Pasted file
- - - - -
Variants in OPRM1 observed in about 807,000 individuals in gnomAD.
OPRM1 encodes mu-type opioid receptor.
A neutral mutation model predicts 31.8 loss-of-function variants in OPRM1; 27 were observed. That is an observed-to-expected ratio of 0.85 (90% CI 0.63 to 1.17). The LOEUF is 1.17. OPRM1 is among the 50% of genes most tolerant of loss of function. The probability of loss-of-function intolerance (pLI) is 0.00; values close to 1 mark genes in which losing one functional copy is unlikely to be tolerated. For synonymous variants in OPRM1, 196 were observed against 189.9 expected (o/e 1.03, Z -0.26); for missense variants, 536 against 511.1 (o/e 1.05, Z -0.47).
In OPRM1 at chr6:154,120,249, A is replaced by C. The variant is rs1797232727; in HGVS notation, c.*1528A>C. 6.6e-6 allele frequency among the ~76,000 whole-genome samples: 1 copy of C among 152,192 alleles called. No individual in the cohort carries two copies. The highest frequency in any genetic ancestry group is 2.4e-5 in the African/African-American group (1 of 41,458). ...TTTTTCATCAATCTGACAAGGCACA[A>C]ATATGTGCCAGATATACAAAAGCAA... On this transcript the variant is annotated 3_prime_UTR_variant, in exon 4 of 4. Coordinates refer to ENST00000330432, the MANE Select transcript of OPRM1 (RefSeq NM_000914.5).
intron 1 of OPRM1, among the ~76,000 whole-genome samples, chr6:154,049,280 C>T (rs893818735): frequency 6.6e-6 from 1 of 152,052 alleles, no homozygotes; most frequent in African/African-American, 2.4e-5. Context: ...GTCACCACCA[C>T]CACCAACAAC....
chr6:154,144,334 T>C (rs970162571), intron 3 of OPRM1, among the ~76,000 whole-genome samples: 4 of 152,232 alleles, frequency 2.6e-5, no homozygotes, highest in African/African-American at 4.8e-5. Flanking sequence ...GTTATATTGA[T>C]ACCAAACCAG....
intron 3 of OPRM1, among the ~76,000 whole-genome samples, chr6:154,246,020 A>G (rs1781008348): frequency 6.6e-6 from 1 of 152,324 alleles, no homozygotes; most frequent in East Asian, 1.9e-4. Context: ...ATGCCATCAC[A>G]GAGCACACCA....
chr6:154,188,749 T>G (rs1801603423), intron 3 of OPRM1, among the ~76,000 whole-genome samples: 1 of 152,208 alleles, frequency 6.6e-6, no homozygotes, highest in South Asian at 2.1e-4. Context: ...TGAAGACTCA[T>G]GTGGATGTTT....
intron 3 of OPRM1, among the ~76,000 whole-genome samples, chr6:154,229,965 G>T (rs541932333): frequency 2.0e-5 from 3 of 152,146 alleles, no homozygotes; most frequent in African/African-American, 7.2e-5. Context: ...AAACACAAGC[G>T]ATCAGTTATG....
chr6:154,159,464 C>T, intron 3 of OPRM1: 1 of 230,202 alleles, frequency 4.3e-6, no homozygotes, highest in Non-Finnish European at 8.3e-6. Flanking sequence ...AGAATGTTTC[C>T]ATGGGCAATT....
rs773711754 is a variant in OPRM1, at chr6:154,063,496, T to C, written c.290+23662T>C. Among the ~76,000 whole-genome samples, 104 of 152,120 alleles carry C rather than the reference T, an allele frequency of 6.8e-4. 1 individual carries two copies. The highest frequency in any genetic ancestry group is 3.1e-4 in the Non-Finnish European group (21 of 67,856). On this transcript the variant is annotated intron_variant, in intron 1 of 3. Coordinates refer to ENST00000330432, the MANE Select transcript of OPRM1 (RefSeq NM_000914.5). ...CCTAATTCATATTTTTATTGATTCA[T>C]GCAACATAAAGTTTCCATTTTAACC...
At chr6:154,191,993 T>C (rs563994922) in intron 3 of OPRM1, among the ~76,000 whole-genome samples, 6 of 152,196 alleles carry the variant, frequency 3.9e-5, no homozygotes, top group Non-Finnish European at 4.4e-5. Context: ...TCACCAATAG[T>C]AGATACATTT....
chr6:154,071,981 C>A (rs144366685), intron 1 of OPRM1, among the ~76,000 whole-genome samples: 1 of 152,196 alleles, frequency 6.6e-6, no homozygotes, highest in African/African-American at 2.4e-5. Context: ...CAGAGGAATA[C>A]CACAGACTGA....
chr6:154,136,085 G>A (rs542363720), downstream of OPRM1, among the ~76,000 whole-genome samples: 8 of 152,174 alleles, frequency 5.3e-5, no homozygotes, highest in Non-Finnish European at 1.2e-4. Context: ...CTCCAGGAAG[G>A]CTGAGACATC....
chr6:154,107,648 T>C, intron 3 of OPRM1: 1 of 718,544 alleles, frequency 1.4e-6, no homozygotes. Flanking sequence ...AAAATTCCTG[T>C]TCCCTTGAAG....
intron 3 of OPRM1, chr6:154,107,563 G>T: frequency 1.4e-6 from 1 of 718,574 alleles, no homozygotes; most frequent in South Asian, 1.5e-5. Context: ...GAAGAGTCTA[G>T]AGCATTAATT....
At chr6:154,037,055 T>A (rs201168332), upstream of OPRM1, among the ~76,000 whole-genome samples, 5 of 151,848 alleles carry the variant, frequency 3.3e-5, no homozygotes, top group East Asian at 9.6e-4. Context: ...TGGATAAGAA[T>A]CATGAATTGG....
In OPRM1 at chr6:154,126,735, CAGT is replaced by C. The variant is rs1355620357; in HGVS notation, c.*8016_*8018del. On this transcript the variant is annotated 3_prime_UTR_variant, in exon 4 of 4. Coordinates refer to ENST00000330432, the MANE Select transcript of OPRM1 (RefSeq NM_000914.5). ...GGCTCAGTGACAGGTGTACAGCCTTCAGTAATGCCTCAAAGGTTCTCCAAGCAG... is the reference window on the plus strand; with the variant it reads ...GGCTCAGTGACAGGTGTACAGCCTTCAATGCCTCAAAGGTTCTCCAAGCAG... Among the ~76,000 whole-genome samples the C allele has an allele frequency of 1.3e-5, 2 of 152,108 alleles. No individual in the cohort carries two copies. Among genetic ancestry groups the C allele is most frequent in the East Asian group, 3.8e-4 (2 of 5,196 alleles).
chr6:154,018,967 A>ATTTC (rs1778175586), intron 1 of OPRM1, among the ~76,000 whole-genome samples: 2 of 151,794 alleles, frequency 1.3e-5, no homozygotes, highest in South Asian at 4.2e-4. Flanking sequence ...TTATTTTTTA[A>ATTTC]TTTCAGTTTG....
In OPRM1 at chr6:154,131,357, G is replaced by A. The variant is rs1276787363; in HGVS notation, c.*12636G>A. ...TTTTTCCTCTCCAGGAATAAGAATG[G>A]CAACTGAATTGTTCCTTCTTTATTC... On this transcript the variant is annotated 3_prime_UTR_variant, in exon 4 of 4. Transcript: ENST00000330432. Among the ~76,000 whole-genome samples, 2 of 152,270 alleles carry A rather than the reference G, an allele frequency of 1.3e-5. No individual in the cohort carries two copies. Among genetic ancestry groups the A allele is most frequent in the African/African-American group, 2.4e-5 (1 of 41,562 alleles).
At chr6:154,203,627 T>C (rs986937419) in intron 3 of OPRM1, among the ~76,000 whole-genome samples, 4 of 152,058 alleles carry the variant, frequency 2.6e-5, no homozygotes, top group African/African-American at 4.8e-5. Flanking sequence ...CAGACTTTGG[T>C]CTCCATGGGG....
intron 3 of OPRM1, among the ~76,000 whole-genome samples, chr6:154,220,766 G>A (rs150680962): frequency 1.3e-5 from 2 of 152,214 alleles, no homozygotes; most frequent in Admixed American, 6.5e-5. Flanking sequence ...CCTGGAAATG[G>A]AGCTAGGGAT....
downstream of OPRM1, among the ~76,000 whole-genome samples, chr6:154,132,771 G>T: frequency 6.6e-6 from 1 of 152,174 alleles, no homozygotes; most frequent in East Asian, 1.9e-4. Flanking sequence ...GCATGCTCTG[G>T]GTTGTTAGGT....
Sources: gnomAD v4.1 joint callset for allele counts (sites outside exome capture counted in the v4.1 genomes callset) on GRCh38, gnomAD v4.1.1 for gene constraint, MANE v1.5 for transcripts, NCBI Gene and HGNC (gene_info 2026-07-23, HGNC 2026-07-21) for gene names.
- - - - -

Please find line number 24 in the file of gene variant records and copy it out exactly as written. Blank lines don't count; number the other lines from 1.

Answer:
Sources: gnomAD v4.1 joint callset for allele counts (sites outside exome capture counted in the v4.1 genomes callset) on GRCh38, gnomAD v4.1.1 for gene constraint, MANE v1.5 for transcripts, NCBI Gene and HGNC (gene_info 2026-07-23, HGNC 2026-07-21) for gene names.